Finally, the particular Jack the Ripper storyline is wrapped up nicely but something huge happens in the very final page that made me salivate for more. This is another great aspect of the novel and one that speaks volumes about how good it is. I am sick and tired of everything being a series these days but I would read more of The Shades of London now if it were available. This series has real potential: all characters are well developed with background stories that beg further development; what happens in the end opens up a can of worms that will have to be dealt with and is basically an even greater life-changing event for Rory and finally, there are real philosophical, ethical aspects to what the Shades do and I want to see how it will be explored in further instalments.
This book was really and truly a joy to read. Please miss, can I have some more?
Notable quotes/Parts: Rory’s first day at school:
The day was ridiculous.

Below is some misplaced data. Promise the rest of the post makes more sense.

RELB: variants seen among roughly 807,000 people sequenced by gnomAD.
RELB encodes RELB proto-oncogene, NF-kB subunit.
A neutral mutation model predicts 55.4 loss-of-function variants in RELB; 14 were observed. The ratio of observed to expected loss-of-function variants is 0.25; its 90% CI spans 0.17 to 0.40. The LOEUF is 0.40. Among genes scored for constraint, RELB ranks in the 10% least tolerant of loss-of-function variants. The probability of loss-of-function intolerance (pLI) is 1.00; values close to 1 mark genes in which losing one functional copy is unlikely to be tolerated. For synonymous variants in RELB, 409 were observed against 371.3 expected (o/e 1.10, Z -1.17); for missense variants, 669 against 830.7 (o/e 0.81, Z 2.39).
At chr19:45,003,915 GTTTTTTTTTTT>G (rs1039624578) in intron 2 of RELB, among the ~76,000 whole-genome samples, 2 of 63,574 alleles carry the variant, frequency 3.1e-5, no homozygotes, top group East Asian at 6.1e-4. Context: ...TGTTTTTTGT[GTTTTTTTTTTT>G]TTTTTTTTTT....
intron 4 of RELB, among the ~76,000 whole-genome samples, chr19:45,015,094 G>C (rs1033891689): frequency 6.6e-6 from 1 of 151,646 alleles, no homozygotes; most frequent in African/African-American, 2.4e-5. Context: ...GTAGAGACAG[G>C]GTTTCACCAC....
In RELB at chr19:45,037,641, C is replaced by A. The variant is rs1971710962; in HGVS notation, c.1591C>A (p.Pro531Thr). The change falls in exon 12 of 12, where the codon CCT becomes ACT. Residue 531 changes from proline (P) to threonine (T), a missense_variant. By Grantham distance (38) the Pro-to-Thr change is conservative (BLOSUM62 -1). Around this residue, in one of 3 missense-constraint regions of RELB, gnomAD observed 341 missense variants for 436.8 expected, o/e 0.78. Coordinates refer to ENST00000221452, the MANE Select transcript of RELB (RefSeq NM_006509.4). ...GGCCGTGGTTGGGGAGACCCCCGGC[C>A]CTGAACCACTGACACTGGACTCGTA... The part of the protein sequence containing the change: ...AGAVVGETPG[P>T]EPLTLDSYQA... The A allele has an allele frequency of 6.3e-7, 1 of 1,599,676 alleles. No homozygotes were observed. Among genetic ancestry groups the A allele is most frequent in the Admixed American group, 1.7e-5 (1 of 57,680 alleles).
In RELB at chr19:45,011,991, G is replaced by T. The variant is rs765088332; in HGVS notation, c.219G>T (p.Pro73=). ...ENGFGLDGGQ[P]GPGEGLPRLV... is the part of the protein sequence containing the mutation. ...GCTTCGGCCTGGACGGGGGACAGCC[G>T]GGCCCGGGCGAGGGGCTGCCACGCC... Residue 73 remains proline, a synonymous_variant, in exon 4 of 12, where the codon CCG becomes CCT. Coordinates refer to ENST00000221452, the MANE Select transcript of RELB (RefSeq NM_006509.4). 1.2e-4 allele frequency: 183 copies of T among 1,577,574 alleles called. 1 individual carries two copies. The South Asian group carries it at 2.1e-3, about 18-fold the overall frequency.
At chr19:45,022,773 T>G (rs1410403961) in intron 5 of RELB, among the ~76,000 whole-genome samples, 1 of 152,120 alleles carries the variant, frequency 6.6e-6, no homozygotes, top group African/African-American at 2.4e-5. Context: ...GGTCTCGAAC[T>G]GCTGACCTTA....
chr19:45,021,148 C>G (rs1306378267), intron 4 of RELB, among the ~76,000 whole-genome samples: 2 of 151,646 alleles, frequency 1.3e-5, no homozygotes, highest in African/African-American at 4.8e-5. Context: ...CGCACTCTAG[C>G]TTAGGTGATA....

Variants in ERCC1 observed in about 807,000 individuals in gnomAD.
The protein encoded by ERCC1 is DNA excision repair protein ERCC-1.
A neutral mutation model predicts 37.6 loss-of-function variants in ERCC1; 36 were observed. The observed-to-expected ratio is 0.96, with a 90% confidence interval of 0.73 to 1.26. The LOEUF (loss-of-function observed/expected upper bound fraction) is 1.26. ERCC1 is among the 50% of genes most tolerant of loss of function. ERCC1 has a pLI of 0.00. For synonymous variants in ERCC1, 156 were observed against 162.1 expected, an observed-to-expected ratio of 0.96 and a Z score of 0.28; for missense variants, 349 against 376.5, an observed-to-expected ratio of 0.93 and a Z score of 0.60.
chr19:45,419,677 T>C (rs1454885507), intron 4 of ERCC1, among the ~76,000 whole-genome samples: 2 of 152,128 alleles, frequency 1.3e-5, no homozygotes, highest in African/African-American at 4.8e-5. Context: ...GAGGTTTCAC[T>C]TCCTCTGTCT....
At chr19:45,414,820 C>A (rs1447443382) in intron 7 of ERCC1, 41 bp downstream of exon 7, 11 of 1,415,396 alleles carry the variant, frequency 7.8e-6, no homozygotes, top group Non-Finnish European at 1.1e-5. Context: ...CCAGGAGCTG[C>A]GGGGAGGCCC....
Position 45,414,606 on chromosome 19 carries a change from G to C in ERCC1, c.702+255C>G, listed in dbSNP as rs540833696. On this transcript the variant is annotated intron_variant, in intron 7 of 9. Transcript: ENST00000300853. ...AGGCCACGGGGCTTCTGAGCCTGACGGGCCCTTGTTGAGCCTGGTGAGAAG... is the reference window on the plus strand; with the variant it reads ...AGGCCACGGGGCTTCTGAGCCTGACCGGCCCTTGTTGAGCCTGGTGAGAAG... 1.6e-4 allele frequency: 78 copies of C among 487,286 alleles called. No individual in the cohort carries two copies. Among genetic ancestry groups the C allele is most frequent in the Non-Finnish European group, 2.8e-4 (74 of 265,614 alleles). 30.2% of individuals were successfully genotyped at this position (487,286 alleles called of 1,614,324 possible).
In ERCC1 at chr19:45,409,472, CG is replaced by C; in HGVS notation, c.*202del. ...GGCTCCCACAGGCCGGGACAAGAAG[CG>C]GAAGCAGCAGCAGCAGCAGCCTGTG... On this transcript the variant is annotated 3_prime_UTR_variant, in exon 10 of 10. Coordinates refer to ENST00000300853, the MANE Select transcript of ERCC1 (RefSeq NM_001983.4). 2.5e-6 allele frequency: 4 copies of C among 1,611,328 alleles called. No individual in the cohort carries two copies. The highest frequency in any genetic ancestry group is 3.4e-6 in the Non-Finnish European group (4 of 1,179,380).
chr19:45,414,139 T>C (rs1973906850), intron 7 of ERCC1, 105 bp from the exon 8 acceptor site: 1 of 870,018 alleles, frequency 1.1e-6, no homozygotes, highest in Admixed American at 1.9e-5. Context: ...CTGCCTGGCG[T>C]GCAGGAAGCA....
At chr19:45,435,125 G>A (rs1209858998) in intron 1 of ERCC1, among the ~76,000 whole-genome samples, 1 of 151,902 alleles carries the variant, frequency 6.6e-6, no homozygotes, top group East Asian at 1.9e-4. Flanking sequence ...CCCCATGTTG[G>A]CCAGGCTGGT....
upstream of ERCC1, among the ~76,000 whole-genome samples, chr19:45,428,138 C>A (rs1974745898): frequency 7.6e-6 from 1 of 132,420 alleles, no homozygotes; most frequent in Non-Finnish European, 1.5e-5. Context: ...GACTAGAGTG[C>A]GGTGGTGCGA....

In fact, the situation was so serious I thought they had to be joking – like maybe they staged a special first day just to psych people out. I had one class in the morning, the mysteriously named “Further Maths”. It was two hours long and so deeply frightening that I think I went into a trance. Then I had two free periods, which I had laughingly dismissed when I first saw them. I spent them feverishly trying to do the problem sets.
At a quarter to three, I had to run back to my room and change into shorts, sweatpants, a T-shirt, a fleece, and these shin pads and spiked shoes that Claudia had given to me. From there, I had to get three streets over to the field we shared with a local university. If cobblestones are a tricky walk in flip-flops, they are your worst nightmare in spiked shoes and with big, weird pads on your shins. I arrived to find that people (all girls) were (wisely) putting on their spiked shoes and pads there, and that everyone was only wearing shorts and T-shirts.
Additional Thoughts: Check out this video of the author introducing the book:
Rating: 8 – Excellent
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- I am firmly on Team Stephen, by the way. In case you are interested. But only because Callum seems to be taken by a really cool character. ↩